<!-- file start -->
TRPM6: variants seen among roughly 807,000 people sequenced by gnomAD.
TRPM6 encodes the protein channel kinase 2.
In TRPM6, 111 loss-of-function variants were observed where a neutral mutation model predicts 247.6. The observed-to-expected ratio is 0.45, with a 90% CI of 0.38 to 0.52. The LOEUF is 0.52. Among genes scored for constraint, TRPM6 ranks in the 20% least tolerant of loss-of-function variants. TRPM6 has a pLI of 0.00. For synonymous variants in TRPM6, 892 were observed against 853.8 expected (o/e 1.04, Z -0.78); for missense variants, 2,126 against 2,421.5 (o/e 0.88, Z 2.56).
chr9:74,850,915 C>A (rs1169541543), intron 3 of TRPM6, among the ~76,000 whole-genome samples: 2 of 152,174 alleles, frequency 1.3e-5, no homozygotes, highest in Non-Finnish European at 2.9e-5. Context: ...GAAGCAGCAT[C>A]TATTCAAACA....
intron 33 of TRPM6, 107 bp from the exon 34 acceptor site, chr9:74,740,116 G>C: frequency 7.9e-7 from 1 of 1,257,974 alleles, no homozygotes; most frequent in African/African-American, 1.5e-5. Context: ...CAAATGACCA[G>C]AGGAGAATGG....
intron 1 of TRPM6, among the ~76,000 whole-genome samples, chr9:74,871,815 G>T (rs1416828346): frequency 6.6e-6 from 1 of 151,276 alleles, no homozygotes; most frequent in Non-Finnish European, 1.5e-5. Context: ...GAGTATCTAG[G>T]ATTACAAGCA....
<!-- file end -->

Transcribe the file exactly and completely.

TRPM6: variants seen among roughly 807,000 people sequenced by gnomAD.
TRPM6 encodes the protein channel kinase 2.
In TRPM6, 111 loss-of-function variants were observed where a neutral mutation model predicts 247.6. The observed-to-expected ratio is 0.45, with a 90% CI of 0.38 to 0.52. The LOEUF is 0.52. Among genes scored for constraint, TRPM6 ranks in the 20% least tolerant of loss-of-function variants. TRPM6 has a pLI of 0.00. For synonymous variants in TRPM6, 892 were observed against 853.8 expected (o/e 1.04, Z -0.78); for missense variants, 2,126 against 2,421.5 (o/e 0.88, Z 2.56).
chr9:74,850,915 C>A (rs1169541543), intron 3 of TRPM6, among the ~76,000 whole-genome samples: 2 of 152,174 alleles, frequency 1.3e-5, no homozygotes, highest in Non-Finnish European at 2.9e-5. Context: ...GAAGCAGCAT[C>A]TATTCAAACA....
intron 33 of TRPM6, 107 bp from the exon 34 acceptor site, chr9:74,740,116 G>C: frequency 7.9e-7 from 1 of 1,257,974 alleles, no homozygotes; most frequent in African/African-American, 1.5e-5. Context: ...CAAATGACCA[G>C]AGGAGAATGG....
intron 1 of TRPM6, among the ~76,000 whole-genome samples, chr9:74,871,815 G>T (rs1416828346): frequency 6.6e-6 from 1 of 151,276 alleles, no homozygotes; most frequent in Non-Finnish European, 1.5e-5. Context: ...GAGTATCTAG[G>T]ATTACAAGCA....